Money For Members

IN NUMBERS: Which parts of Sweden have the cheapest supermarkets?

Becky Waterton
Becky Waterton - [email protected]
IN NUMBERS: Which parts of Sweden have the cheapest supermarkets?
The average price of a standard list of groceries varied by as much as 400 kronor depending on the supermarket. Photo: Janerik Henriksson/TT

Food prices have gone up by 27 percent over the last two years on the same basket of groceries. But prices vary widely depending on the kind of shop you visit.


Each year, members of the Swedish National Pensioners’ Organisation (PRO) carry out a study up and down the country comparing the prices of a set list of common food items in different supermarkets.

In 2023, almost a thousand members collected price information from over 700 supermarkets on the same day, revealing large variations among supermarkets and in different areas of the country.

Although the items reviewed this year were not exactly the same as in previous years, the average price of items which were included in previous studies increased by 27 percent over the last two years.

"These are extreme price increases," PRO spokesperson for consumer issues, Ola Nilsson, told TT newswire.

"Compared to before inflation shot up, there were very small price increases year-on-year."

The prices which went up the most were things like coffee, butter, eggs and fil, a soured milk product similar to yoghurt often eaten by Swedes for breakfast.


"It's maybe a bit extra painful that it's the items which everyone buys which have gone up," Nilsson told TT.

The average price across the country of a standard shopping basket of groceries was 1495,66 kronor, with a difference of over 400 kronor between the cheapest and most expensive supermarkets.

Generally speaking, prices were cheaper in the south of the country, getting more expensive as you move further north (with the exception of Stockholm and Uppsala, which stand out on the map as expensive areas), as you can see in the map below.

"Supermarkets being more expensive in northern Sweden might be due to the fact that there are fewer shops and larger distances between them," Nilsson said. 

Two of the three cheapest small supermarkets were ICA supermarkets in Södra Älvsborg, which is part of Västra Götaland, with ICA Mathyttan in Dalarna rounding out the top three. These supermarkets had a total price of between 1,359 and 1,403 kronor for PRO’s list of 46 different items.

Supermarkets which did not have nine or more of the items on PRO's list were not included in the final result, meaning that all five of the Lidl supermarkets PRO investigated did not make the final cut, as well as a few supermarkets from other chains. For supermarkets where fewer than nine items were missing, the average price across all supermarkets for the item in question was used instead.

The cheapest larger supermarkets were also all ICA supermarkets – ICA Maxi in Kumla, Örebro, came in first place with a total price of 1,279 kronor, second place went to ICA Kvantum City Fristad in Södra Älvsborg (1,304 kronor), and third place went to ICA Maxi in Angered, Gothenburg (1,309 kronor).


Although the average price of a basket of groceries was more expensive in Jämtland, Västerbotten and Norrbotten, none of the most expensive supermarkets were in these areas.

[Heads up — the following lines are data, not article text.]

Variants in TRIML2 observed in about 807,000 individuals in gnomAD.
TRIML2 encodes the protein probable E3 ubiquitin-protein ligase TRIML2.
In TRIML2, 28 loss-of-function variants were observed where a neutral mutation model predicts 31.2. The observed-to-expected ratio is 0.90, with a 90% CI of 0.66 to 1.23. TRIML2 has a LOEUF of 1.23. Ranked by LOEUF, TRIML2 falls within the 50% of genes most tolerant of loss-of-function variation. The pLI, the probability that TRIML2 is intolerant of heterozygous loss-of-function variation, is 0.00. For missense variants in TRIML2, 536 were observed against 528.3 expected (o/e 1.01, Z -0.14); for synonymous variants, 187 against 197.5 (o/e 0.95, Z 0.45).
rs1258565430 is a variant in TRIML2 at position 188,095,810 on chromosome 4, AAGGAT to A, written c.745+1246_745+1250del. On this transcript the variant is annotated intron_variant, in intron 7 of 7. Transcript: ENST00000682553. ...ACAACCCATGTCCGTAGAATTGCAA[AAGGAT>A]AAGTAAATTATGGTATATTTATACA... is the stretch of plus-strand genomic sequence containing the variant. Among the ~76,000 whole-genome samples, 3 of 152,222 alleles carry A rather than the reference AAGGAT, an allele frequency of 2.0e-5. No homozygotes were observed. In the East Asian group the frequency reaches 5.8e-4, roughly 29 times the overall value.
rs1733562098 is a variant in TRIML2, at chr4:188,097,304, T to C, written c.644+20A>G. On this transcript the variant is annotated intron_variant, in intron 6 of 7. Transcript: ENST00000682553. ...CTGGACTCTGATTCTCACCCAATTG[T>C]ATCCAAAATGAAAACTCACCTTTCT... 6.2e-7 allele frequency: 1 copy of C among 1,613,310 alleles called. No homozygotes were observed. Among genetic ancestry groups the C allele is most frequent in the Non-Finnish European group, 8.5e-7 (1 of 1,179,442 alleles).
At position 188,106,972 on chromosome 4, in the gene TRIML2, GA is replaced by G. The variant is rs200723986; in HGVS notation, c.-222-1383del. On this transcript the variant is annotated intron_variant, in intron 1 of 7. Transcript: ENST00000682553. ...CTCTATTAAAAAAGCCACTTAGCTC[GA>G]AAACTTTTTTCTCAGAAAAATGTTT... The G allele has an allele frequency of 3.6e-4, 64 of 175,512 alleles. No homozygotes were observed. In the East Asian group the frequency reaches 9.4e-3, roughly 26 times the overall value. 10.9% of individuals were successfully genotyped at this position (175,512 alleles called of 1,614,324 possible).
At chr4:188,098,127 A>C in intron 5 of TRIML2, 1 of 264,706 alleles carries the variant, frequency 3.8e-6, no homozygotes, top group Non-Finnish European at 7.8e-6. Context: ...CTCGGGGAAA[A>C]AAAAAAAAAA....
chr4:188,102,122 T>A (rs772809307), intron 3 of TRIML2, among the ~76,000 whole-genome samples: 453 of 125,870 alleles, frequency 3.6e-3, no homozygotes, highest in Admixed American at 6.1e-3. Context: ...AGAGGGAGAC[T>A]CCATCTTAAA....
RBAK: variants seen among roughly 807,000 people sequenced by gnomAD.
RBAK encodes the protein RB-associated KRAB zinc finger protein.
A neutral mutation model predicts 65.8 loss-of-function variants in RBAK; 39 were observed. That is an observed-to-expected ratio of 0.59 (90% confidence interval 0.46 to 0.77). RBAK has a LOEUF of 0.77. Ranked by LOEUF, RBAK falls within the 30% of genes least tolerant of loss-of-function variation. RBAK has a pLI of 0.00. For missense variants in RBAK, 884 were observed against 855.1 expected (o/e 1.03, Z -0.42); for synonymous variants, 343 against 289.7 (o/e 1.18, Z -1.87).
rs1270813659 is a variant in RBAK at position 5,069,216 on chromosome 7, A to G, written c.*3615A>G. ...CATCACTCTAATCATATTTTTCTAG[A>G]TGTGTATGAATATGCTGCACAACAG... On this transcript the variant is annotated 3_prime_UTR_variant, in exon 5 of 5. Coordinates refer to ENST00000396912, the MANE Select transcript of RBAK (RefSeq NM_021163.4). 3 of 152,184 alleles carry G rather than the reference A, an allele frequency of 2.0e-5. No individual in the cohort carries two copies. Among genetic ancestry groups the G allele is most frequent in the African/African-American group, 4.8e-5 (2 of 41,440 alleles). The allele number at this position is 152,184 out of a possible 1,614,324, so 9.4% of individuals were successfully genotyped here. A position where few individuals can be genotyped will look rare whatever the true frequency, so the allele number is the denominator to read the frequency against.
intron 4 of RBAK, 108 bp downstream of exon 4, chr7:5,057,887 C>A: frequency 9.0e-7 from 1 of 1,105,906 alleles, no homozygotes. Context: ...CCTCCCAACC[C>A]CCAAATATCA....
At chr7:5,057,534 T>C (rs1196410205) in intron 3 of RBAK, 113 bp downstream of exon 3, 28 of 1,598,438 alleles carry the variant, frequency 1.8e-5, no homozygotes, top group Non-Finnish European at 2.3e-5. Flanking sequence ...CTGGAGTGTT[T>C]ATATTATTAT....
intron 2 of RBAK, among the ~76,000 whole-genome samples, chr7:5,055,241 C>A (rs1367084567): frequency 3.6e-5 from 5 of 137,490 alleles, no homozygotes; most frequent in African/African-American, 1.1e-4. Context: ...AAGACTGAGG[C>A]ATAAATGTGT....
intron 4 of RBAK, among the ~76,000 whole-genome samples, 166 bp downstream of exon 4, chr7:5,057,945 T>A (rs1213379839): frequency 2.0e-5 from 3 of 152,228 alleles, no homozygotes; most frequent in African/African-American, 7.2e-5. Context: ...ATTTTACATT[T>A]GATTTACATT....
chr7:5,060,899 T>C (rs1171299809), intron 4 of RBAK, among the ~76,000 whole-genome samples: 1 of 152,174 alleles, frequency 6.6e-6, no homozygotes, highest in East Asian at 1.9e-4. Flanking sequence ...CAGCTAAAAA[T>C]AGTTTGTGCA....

Two of the three most expensive large supermarkets were in Stockholm – ICA Kvantum Tumba in Stockholm county came in first place with a total price of 1,515 kronor, second place went to ICA Kvantum in Skövde, Skaraborg (part of Västra Götaland) (1,508), while third place went to ICA Kvantum Värtan, also in Stockholm (1,486).

The most expensive smaller supermarkets were all Coop supermarkets, with first and third place both going to supermarkets in Kronoberg in Småland.

These were Coop Lenhovda and Coop Älmhult (with an average price of 1,705 kronor and 1,665 kronor, respectively), while Coop Skene in Södra Älvsborg had an average price of 1,671 kronor. This means that people living in Södra Älvsborg can save over 350 kronor on the same basket of groceries just by shopping in a different supermarket.

But I don’t live in Södra Älvsborg. Where’s the cheapest supermarket in my area?

Obviously, this depends where you live, but here are the cheapest supermarkets, both large and small, for Sweden’s major cities.


As you can see, prices were cheaper in all three cities in the larger supermarkets, so it may be worth seeking out one of these to do your weekly shop no matter what part of the country you live in.

Are prices going to start going down this year?

Probably not, according to PRO chair Åsa Lindestam.

"We can't see any signs of things slowing down or going in the other direction," she told TT. "Maybe on a few items. But can you live off macaroni and liver pâté?"

PRO chair Åsa Lindestam and consumer spokesperson Ola Nilsson presenting the organisation's report. Photo: Caisa Rasmussen/TT

According to PRO spokesperson Ola Nilsson, there are clear indications that Sweden's pensioners are doing their best to make their money stretch further, not only by trying to buy less.

"They're looking out more for extra discounts, offers, buying less fruit and vegetables," he told TT.


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John Lane 2024/01/26 08:22
Not a mention of Lidl. Always our first call. However we always buy Swedish meat, eggs and source local products ie honey and yoghurt and paying a premium price. Fika at a konditori is now reserved for very special occasions. Dagens once a week is still a must. We are pensioners by the way, and although originally from UK are now svensk medborgare.

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